This list comprises a broad spectrum of serious suggestions, potential thought starters and light-hearted ideas.
By casting the net as wide as possible, I hope to either catch a winning idea or produce one in the mind of another.
Recombine components for more permutations.
If you can't decide between several suitable names, run them past a trusted group of people from the audience/s you wish to reach.
Their feedback should guide you to a single choice.
This approach can take a while, but it invariably produces an ideal result.
If you're stuck for a name, think of mine!
What is the 'passive voice'?
If it's hard to read, they won't.
Many documents I edit are written in the 'passive voice'.
The passive voice is very bad news for communications, as it demands a greater number of longer words that are harder to read.
Recently a client asked what the passive voice actually means.
Here's my light-hearted response:
This response has been cast, by me, in the passive voice, for the amusement of you.
Your words that are kind have made me experience a feeling of gratitude.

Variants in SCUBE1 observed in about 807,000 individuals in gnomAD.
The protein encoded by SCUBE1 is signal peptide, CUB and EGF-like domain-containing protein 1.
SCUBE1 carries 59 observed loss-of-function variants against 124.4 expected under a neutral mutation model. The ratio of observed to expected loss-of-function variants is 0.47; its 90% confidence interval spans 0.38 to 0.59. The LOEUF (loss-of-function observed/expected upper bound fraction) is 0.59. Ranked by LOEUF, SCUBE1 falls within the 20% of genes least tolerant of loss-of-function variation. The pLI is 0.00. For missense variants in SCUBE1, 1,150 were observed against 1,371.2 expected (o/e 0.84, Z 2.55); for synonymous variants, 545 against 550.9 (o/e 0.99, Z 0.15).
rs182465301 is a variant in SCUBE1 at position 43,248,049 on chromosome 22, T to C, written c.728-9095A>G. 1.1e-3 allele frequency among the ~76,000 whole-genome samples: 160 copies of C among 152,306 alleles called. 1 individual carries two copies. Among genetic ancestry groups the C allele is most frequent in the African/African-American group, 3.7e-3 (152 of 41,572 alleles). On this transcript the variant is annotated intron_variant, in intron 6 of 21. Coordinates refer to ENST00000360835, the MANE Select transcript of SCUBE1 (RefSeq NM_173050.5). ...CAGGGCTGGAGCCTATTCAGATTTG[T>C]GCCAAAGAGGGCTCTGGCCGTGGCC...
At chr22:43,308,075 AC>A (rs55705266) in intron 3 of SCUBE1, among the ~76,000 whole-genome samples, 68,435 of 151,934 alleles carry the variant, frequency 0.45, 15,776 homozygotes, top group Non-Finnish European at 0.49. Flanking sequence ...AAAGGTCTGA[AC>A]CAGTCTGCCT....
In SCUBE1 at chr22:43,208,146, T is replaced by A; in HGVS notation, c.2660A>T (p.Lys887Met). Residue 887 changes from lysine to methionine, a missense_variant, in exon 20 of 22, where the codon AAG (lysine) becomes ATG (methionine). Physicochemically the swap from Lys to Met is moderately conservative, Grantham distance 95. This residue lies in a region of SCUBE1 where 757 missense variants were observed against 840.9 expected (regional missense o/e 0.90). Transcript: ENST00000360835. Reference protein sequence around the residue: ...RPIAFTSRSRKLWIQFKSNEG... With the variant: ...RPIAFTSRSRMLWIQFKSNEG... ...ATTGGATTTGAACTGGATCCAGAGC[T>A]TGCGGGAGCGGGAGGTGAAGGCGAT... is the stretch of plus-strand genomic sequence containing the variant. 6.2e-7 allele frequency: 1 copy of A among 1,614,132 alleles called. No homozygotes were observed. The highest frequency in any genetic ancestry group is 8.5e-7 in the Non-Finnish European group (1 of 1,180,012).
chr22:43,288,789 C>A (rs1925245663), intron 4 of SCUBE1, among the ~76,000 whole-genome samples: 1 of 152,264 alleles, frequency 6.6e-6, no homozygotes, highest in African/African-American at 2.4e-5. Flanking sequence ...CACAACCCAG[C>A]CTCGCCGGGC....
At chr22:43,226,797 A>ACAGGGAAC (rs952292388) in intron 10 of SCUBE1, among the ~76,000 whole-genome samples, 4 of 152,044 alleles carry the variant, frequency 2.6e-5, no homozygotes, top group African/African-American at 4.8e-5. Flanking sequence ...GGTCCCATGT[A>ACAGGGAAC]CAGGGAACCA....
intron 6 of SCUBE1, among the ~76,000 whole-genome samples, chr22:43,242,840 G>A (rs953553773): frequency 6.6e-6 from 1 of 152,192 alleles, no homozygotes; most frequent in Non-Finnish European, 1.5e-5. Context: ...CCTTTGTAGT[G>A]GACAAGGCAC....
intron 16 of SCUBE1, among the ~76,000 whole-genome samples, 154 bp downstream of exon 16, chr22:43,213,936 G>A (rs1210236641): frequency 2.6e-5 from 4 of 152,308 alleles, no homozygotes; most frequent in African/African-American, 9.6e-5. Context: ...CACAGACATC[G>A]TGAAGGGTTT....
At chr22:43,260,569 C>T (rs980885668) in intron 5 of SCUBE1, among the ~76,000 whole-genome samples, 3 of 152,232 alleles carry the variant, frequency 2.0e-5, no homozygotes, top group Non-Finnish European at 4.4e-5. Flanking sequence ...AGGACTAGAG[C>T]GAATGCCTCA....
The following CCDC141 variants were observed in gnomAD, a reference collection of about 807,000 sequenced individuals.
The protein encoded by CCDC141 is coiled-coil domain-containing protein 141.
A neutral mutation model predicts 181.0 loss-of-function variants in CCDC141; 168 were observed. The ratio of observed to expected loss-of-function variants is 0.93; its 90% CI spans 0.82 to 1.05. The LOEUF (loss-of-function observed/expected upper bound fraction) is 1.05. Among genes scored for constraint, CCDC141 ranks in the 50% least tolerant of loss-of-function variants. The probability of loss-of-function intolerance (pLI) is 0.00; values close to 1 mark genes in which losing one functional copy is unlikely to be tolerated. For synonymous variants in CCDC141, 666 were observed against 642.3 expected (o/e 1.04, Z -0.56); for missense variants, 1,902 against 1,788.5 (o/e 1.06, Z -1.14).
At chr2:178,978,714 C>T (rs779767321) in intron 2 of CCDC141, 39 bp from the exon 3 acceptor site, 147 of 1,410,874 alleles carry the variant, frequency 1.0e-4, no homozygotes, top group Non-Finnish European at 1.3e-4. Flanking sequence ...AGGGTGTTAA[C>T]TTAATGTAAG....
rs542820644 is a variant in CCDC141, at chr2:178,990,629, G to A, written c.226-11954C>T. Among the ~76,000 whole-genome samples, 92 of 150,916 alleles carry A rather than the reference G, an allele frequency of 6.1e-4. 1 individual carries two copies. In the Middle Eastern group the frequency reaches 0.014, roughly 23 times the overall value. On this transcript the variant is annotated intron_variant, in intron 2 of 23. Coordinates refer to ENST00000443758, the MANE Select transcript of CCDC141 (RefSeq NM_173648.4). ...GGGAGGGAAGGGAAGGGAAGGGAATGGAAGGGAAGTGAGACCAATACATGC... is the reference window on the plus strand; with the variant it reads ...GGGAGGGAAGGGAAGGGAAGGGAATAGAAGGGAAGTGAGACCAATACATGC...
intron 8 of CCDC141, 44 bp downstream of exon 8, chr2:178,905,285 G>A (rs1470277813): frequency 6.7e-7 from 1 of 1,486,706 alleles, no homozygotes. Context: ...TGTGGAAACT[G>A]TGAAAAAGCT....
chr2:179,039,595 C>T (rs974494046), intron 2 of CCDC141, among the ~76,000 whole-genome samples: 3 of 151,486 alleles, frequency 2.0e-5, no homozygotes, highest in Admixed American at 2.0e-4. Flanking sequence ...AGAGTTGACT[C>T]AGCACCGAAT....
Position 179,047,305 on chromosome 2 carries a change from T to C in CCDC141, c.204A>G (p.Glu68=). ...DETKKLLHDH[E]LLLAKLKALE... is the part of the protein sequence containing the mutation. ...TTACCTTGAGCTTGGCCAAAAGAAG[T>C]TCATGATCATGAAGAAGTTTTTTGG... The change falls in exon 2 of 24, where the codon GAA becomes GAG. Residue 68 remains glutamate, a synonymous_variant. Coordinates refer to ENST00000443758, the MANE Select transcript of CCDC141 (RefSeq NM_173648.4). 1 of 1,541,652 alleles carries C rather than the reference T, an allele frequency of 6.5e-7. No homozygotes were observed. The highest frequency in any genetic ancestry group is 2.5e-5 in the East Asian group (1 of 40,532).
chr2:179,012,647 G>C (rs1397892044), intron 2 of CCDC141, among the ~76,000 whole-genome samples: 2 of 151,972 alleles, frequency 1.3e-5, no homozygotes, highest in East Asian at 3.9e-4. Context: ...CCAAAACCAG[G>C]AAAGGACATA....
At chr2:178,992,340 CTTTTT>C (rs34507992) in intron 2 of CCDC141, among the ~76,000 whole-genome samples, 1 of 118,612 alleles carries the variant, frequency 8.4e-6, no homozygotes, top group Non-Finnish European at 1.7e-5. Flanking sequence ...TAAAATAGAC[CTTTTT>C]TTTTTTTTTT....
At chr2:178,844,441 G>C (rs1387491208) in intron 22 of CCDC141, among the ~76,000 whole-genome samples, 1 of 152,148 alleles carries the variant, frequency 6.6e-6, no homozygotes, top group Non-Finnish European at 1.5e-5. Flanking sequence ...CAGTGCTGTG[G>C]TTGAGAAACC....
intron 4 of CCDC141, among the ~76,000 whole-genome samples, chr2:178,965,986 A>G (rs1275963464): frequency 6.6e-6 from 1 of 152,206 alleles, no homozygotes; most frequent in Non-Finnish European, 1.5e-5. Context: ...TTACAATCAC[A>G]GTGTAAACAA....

It is a matter of pleasure to me that the suggestions made by me were found by you to be of some benefit.
Unfortunately, the PDF which was attached by you to your email was not received by me, but hope is held by me that it will be sent by you to me.
The final PDF is something that perhaps ought to be beheld by me, if not for the purpose of proofing, then at least for the purpose of placement by me in the archives belonging to the company of which I am Founder.
I am hopeful that this response will be found to be helpful.
Well, that's all from me.
Get my drift?
If you don't, we may need to get passive aggressive!
The quick and the dead
In tough times, small is beautiful.
As a freelance copywriter, I watched clients past and present deal variously with a year of 'interesting times':
One client terminated a chronic poor performer, so he could keep his better staff.